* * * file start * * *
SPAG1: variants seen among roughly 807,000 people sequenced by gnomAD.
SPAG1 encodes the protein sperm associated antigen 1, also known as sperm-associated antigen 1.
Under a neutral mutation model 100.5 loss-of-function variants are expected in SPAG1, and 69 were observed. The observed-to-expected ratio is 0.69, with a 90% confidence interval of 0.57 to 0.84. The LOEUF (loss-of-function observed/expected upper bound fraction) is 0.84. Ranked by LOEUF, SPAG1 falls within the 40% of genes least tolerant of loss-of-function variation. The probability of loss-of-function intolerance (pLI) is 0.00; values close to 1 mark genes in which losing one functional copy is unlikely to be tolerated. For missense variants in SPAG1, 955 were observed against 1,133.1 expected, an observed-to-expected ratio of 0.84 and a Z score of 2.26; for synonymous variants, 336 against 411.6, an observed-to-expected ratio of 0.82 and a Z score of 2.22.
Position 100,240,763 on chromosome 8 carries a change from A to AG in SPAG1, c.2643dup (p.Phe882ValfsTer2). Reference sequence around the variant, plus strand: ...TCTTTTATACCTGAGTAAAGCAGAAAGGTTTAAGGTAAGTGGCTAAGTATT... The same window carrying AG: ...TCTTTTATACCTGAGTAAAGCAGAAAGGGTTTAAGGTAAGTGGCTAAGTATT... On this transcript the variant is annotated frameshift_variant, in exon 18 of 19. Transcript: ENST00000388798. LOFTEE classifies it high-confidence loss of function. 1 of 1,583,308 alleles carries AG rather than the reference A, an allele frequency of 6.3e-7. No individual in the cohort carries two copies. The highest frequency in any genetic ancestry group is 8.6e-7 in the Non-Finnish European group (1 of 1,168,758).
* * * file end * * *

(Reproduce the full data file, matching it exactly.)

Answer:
SPAG1: variants seen among roughly 807,000 people sequenced by gnomAD.
SPAG1 encodes the protein sperm associated antigen 1, also known as sperm-associated antigen 1.
Under a neutral mutation model 100.5 loss-of-function variants are expected in SPAG1, and 69 were observed. The observed-to-expected ratio is 0.69, with a 90% confidence interval of 0.57 to 0.84. The LOEUF (loss-of-function observed/expected upper bound fraction) is 0.84. Ranked by LOEUF, SPAG1 falls within the 40% of genes least tolerant of loss-of-function variation. The probability of loss-of-function intolerance (pLI) is 0.00; values close to 1 mark genes in which losing one functional copy is unlikely to be tolerated. For missense variants in SPAG1, 955 were observed against 1,133.1 expected, an observed-to-expected ratio of 0.84 and a Z score of 2.26; for synonymous variants, 336 against 411.6, an observed-to-expected ratio of 0.82 and a Z score of 2.22.
Position 100,240,763 on chromosome 8 carries a change from A to AG in SPAG1, c.2643dup (p.Phe882ValfsTer2). Reference sequence around the variant, plus strand: ...TCTTTTATACCTGAGTAAAGCAGAAAGGTTTAAGGTAAGTGGCTAAGTATT... The same window carrying AG: ...TCTTTTATACCTGAGTAAAGCAGAAAGGGTTTAAGGTAAGTGGCTAAGTATT... On this transcript the variant is annotated frameshift_variant, in exon 18 of 19. Transcript: ENST00000388798. LOFTEE classifies it high-confidence loss of function. 1 of 1,583,308 alleles carries AG rather than the reference A, an allele frequency of 6.3e-7. No individual in the cohort carries two copies. The highest frequency in any genetic ancestry group is 8.6e-7 in the Non-Finnish European group (1 of 1,168,758).